Bank Leumi has agreed to pay nearly $37 million to the heirs of Holocaust victims and to projects that help Israeli survivors.
The Israeli bank reached a settlement Sunday with Hashava-The Company for Location and Restitution of Holocaust Victims’ Assets, a company started by the Israeli government in 2006.
The agreement, worked out through arbitration, falls short of Hashava’s nearly $85 million lawsuit filed against the bank in 2009 attempting to recover money deposited in more than 3,500 bank accounts in the then-Anglo-Palestine Bank before World War II by Jews who died in the Holocaust.
“Signing the agreement does not constitute any kind of recognition on the part of the bank of any of the company’s claims or demands,” Bank Leumi said in a statement. “Nevertheless, out of a desire to enable assistance to Holocaust survivors in their lifetimes, the bank reached an agreement with the company, according to which, as stated in the agreement, the monies are intended for aid to Holocaust survivors as well as monetary payments to eligible heirs of victims of the Holocaust.”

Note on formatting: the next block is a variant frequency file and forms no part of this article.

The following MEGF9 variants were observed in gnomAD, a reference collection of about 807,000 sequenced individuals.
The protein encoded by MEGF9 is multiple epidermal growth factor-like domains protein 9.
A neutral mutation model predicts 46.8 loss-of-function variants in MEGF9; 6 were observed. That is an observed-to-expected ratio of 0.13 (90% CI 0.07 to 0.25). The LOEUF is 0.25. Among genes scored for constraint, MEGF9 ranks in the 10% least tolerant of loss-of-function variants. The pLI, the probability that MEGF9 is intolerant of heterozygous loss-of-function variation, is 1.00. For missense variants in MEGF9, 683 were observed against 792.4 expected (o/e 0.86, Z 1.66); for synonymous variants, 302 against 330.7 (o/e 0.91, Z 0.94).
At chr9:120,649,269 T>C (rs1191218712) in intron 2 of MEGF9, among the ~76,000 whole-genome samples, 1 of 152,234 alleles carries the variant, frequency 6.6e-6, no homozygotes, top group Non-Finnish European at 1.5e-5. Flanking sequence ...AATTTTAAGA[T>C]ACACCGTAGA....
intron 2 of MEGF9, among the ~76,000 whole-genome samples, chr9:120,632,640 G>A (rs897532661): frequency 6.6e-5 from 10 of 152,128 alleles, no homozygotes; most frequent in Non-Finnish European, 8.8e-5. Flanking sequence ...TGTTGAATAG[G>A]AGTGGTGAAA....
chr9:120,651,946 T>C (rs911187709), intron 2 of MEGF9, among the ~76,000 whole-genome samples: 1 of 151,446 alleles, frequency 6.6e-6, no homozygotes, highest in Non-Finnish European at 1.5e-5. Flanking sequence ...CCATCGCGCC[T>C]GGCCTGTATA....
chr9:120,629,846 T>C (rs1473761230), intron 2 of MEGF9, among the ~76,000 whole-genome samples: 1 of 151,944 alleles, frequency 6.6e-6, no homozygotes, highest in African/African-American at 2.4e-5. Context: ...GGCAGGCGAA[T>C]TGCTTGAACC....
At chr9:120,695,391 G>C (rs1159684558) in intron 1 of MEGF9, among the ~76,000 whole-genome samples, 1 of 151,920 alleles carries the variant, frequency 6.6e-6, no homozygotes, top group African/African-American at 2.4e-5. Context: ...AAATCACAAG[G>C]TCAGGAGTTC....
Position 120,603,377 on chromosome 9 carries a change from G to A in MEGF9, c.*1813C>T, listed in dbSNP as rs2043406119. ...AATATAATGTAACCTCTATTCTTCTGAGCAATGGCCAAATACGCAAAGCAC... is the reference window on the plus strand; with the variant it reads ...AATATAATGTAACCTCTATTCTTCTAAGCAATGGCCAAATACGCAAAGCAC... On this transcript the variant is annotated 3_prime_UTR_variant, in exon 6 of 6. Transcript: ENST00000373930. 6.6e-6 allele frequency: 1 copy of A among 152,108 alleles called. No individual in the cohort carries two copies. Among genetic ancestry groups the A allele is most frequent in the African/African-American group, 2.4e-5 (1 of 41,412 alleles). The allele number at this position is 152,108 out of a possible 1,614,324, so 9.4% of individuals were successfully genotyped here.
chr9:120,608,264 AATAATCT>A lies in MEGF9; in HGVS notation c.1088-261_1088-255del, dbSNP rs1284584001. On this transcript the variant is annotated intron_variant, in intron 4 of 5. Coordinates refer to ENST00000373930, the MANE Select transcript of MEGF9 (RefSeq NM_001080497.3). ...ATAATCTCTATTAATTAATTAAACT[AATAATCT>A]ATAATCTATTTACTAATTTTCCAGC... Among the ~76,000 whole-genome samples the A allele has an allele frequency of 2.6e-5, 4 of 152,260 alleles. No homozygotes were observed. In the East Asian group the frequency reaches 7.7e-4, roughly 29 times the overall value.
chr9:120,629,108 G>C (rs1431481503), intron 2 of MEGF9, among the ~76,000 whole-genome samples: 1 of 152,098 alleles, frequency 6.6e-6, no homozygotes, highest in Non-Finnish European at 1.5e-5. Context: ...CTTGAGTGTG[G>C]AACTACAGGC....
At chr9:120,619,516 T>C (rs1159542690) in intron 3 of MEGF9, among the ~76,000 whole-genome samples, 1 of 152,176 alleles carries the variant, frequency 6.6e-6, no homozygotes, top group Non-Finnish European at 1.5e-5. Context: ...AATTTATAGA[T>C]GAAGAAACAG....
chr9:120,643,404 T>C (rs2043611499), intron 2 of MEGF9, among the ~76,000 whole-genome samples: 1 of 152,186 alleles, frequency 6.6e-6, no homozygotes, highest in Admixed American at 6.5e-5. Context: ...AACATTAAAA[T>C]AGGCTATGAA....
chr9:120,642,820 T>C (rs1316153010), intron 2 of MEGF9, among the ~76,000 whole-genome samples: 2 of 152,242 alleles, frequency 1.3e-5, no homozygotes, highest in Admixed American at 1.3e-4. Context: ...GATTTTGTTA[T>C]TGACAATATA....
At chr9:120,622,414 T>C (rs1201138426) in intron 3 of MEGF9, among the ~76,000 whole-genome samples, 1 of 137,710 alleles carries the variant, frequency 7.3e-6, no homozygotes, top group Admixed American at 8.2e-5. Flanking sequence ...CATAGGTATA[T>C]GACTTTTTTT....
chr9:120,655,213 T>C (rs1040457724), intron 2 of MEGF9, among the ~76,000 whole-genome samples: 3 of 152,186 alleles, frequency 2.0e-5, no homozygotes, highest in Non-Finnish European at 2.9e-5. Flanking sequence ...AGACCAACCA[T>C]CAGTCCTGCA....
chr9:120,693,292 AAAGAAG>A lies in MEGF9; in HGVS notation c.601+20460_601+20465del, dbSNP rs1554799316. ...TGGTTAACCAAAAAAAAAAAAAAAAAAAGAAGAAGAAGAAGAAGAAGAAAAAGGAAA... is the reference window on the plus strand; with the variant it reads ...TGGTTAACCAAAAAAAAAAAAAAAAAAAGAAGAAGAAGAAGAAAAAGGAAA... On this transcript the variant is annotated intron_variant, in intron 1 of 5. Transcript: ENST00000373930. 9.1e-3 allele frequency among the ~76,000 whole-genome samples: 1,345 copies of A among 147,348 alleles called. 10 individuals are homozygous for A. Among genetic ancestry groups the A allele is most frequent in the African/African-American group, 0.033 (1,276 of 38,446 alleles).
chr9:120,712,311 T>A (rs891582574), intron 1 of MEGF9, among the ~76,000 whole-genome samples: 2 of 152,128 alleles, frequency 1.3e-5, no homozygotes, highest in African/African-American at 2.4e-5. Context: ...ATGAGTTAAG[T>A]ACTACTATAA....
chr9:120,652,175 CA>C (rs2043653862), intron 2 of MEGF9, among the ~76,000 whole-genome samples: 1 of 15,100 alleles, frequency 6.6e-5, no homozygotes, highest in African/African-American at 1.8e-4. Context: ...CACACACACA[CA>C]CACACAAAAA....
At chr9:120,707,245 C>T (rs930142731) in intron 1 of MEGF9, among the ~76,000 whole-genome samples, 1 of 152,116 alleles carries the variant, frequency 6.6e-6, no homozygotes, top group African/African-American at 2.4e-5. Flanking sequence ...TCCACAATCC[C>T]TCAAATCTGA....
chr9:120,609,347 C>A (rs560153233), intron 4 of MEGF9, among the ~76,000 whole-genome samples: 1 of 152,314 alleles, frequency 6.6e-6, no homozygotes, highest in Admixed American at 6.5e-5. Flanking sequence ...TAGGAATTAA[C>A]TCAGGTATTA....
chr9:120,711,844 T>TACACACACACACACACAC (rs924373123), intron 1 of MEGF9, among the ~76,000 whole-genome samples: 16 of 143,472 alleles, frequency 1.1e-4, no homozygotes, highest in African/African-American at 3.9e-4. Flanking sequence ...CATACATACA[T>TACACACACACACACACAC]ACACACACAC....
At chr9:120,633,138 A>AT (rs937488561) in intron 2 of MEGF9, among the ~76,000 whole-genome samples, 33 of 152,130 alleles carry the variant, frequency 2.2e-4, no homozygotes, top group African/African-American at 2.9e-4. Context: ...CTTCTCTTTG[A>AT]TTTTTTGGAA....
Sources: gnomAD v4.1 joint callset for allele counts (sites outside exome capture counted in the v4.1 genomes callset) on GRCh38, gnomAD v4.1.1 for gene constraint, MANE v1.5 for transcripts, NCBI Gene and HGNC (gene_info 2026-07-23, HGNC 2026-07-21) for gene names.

Hashava has asked two other Israeli banks, Mizrahi Tefahot and Mercantile, to return Holocaust victims’ money deposited with them.
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